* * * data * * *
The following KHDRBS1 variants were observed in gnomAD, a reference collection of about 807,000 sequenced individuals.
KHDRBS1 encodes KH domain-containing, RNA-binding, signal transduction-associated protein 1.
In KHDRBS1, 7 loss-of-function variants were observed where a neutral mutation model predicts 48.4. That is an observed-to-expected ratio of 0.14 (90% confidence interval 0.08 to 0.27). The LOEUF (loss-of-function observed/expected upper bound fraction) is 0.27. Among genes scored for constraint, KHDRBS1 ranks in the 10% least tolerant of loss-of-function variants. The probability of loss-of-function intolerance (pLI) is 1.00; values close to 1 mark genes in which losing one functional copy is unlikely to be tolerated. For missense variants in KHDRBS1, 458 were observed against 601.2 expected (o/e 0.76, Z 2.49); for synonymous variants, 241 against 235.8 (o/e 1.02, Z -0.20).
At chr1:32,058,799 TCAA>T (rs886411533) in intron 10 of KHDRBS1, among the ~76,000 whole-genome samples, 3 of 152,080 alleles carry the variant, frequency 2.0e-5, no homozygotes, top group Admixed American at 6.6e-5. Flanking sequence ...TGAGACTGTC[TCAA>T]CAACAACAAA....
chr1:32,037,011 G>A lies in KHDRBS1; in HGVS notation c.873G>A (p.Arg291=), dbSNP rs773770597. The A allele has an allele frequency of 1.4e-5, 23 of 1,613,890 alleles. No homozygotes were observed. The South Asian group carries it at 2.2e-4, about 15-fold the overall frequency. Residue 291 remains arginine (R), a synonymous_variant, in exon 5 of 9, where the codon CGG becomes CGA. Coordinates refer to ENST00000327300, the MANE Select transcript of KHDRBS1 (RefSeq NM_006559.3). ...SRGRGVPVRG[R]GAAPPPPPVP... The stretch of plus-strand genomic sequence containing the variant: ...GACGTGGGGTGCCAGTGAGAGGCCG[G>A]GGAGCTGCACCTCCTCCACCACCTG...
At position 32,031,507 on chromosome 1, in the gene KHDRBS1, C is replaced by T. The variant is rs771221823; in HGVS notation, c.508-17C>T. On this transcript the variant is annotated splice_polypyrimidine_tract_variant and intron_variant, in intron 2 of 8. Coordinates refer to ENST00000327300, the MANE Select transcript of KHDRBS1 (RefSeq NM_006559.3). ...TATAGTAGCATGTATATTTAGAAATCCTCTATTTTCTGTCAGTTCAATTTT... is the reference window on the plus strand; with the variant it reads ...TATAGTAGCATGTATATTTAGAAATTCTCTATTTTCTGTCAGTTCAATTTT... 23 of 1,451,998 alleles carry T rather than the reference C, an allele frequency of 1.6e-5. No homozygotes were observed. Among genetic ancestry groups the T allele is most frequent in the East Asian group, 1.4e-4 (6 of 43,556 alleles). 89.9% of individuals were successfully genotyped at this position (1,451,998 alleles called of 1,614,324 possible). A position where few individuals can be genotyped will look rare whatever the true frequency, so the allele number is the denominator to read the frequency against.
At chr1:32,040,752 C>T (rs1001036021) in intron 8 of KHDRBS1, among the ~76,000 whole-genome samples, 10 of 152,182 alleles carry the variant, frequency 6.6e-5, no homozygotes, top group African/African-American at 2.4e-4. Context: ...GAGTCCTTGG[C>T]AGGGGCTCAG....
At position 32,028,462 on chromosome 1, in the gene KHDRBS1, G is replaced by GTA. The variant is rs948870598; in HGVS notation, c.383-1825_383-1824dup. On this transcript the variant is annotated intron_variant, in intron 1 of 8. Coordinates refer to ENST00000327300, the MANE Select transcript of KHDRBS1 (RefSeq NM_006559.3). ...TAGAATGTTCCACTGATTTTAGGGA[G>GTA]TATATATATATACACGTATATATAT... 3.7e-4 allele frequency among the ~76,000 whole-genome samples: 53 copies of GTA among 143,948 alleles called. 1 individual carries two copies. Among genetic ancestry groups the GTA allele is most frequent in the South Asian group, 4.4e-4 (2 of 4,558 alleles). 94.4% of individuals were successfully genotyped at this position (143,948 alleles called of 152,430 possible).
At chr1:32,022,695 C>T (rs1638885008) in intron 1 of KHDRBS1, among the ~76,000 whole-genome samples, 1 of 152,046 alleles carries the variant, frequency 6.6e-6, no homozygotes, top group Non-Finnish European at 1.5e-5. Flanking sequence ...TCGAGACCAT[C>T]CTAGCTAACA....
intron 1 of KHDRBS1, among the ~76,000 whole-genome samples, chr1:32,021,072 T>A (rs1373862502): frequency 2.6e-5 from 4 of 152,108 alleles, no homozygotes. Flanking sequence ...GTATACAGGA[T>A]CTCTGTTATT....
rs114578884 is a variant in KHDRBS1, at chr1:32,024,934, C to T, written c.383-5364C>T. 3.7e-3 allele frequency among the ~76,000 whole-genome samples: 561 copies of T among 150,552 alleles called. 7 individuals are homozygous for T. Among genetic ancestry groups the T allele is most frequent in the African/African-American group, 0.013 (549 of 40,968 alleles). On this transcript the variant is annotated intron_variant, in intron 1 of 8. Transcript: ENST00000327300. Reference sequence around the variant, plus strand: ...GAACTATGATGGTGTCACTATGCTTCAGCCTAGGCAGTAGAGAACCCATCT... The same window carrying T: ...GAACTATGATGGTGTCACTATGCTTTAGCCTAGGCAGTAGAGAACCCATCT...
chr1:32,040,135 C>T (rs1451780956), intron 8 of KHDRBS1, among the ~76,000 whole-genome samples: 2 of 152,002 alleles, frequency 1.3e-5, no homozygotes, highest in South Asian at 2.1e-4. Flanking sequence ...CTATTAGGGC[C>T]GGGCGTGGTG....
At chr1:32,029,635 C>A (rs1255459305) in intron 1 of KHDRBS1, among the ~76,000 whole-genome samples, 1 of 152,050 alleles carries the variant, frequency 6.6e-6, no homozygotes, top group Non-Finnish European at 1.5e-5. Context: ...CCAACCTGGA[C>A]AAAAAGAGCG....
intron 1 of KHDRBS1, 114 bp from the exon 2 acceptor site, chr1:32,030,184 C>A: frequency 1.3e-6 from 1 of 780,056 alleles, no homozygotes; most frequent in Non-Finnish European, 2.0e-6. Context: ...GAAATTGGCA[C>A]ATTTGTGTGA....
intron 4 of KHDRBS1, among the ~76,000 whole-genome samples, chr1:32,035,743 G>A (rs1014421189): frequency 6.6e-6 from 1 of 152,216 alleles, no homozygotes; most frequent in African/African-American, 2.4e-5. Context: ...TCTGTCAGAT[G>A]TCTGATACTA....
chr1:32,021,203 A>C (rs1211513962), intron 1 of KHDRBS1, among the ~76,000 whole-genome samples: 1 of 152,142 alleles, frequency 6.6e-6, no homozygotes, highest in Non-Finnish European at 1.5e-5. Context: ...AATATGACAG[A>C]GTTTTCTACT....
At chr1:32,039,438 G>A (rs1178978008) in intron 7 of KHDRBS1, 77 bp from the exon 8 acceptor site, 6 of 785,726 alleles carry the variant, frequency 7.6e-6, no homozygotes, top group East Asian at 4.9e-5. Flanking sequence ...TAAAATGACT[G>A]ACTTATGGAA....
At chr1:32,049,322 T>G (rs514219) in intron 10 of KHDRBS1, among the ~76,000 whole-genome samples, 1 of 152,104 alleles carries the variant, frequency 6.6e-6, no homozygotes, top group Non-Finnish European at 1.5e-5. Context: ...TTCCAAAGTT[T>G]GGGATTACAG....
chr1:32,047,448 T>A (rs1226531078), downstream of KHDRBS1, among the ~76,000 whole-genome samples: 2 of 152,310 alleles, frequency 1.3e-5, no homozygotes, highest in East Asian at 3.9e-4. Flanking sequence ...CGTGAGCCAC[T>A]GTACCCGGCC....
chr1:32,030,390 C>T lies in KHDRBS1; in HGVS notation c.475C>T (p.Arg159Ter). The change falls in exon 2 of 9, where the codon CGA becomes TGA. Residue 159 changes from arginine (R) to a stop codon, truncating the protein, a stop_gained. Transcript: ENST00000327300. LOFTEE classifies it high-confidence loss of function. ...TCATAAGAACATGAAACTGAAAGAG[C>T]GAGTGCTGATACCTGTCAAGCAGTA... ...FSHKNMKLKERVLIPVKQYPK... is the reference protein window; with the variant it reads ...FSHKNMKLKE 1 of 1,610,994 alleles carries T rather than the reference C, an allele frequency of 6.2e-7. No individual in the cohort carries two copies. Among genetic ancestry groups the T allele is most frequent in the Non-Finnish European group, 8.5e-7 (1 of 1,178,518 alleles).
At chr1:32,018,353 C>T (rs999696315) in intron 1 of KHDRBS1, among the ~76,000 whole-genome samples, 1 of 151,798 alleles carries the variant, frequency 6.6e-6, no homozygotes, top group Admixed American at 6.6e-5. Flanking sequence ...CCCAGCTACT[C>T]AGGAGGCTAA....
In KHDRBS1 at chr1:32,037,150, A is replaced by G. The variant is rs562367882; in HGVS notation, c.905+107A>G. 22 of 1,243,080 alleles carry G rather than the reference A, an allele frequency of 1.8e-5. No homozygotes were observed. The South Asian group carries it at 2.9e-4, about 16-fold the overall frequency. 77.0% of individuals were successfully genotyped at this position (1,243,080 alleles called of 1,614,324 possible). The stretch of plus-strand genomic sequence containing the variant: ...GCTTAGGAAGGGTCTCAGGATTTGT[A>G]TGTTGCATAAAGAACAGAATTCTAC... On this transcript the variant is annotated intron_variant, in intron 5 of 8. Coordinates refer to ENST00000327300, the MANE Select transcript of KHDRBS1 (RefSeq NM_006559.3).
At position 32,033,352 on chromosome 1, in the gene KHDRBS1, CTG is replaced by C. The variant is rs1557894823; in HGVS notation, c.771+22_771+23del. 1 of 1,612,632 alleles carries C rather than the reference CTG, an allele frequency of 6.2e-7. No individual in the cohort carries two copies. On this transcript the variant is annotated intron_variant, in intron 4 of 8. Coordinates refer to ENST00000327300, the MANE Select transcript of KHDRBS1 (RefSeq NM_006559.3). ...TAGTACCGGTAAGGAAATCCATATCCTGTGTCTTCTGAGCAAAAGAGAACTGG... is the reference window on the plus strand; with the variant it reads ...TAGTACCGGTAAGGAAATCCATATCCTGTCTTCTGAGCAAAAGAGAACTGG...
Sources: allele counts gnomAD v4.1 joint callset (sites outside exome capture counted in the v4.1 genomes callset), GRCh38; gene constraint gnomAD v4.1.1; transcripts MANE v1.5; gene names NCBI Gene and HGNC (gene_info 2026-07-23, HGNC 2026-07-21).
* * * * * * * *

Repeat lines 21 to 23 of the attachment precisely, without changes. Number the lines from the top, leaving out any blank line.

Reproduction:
At chr1:32,018,353 C>T (rs999696315) in intron 1 of KHDRBS1, among the ~76,000 whole-genome samples, 1 of 151,798 alleles carries the variant, frequency 6.6e-6, no homozygotes, top group Admixed American at 6.6e-5. Flanking sequence ...CCCAGCTACT[C>T]AGGAGGCTAA....
In KHDRBS1 at chr1:32,037,150, A is replaced by G. The variant is rs562367882; in HGVS notation, c.905+107A>G. 22 of 1,243,080 alleles carry G rather than the reference A, an allele frequency of 1.8e-5. No homozygotes were observed. The South Asian group carries it at 2.9e-4, about 16-fold the overall frequency. 77.0% of individuals were successfully genotyped at this position (1,243,080 alleles called of 1,614,324 possible). The stretch of plus-strand genomic sequence containing the variant: ...GCTTAGGAAGGGTCTCAGGATTTGT[A>G]TGTTGCATAAAGAACAGAATTCTAC... On this transcript the variant is annotated intron_variant, in intron 5 of 8. Coordinates refer to ENST00000327300, the MANE Select transcript of KHDRBS1 (RefSeq NM_006559.3).
At position 32,033,352 on chromosome 1, in the gene KHDRBS1, CTG is replaced by C. The variant is rs1557894823; in HGVS notation, c.771+22_771+23del. 1 of 1,612,632 alleles carries C rather than the reference CTG, an allele frequency of 6.2e-7. No individual in the cohort carries two copies. On this transcript the variant is annotated intron_variant, in intron 4 of 8. Coordinates refer to ENST00000327300, the MANE Select transcript of KHDRBS1 (RefSeq NM_006559.3). ...TAGTACCGGTAAGGAAATCCATATCCTGTGTCTTCTGAGCAAAAGAGAACTGG... is the reference window on the plus strand; with the variant it reads ...TAGTACCGGTAAGGAAATCCATATCCTGTCTTCTGAGCAAAAGAGAACTGG...